Occasionally it was because he was counting cards. He beat everyone at poker, sometimes averaging $75 a day in winnings. He’d read books on Texas Hold ‘Em and how to bluff. Starr complained to his parents and girlfriend that he couldn’t get anyone to play with him anymore.
Smith said Starr was the one in the crowd who would ask tough questions. He recalled several times when Starr came to his office, a handful of other Marines in tow, to ask something no one else dared.
“I always had the feeling that he wasn’t asking for his own edification, but instead he was asking because no one else would and he was tired of listening to all the unsubstantiated rumors,” Smith wrote. “I always walked away with a smile, imagining Jeff telling his guys to be quiet now that they had an answer.”
After he was deployed to Okinawa, Japan, in December 2003, his unit was again sent to Iraq, this time to Fallujah, where four American contractors had been killed.
It was in that city, on April 13, 2004, that Starr had a close call that rattled him deeply. While he and his fellow Marines were traveling through the city, insurgents attacked their convoy with small arms and rocket-propelled grenades.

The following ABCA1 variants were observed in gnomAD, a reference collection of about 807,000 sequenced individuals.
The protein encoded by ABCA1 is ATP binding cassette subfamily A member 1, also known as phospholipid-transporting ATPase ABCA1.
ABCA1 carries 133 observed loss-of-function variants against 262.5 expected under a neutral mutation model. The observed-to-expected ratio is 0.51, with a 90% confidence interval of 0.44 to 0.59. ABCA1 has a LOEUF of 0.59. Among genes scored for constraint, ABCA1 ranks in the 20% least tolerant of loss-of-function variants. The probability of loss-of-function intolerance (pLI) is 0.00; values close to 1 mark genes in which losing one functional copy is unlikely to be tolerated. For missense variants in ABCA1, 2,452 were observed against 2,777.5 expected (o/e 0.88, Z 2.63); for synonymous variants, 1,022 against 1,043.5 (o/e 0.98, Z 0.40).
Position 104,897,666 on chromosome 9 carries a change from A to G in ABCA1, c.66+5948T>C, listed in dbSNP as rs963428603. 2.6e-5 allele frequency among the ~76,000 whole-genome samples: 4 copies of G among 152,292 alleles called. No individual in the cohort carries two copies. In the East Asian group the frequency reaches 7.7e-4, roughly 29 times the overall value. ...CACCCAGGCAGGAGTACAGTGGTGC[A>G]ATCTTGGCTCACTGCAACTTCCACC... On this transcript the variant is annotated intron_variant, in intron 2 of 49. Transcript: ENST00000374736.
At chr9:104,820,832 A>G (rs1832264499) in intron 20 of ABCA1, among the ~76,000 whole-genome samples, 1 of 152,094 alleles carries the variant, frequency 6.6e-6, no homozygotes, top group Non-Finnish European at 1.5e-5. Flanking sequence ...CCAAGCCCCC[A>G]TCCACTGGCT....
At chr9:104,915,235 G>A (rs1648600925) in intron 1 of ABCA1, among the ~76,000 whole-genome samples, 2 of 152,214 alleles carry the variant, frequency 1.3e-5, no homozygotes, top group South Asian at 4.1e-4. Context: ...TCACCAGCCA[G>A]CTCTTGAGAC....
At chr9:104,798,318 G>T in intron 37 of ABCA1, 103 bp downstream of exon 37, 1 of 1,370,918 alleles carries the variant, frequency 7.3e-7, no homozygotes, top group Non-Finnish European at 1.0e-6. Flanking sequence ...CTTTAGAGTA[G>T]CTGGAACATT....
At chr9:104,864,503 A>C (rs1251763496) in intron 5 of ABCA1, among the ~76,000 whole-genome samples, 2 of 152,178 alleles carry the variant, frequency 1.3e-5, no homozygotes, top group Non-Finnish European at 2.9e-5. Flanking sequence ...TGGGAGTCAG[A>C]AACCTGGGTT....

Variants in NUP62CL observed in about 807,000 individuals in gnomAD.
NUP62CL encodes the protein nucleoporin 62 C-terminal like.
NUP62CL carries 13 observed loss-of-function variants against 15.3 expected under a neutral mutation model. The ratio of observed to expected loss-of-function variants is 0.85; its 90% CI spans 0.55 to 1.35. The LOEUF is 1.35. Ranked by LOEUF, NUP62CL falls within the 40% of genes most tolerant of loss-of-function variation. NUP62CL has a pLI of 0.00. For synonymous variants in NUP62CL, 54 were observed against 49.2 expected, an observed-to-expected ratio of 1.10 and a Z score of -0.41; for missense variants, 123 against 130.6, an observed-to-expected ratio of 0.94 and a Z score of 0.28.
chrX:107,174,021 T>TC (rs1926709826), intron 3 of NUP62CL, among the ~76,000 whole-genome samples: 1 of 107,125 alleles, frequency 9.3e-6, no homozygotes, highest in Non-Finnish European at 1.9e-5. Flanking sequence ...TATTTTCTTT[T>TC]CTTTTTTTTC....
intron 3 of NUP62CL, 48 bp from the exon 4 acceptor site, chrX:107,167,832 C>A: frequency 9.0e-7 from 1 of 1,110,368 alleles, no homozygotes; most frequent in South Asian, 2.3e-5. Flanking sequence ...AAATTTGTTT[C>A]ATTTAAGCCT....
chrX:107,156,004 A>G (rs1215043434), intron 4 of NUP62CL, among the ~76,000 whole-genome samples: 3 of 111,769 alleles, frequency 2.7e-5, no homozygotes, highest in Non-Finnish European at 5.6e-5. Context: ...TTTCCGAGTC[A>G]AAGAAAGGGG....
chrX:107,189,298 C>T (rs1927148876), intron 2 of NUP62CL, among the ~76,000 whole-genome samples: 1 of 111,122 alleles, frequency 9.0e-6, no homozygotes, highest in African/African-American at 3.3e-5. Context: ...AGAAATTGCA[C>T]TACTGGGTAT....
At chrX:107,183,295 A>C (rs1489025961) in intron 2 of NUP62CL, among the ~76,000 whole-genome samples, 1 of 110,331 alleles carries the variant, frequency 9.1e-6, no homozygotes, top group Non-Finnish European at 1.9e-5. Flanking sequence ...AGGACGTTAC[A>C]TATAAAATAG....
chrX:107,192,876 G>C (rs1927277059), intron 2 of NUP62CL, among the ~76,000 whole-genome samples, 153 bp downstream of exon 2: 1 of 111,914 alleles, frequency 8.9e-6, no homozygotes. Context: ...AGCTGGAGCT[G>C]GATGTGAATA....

Starr and 13 Marines were forced to leave their vehicles and take refuge in a house, where they fought off several hundred insurgents for a few harrowing hours until reinforcements arrived.
When his parents found out about the siege, Brian Starr asked his son what he was thinking while he was fighting for his life.
“I’ll tell you what I was thinking later – when I get home,” he told his father.
When he got home, his father prompted him once again, “What were you thinking?”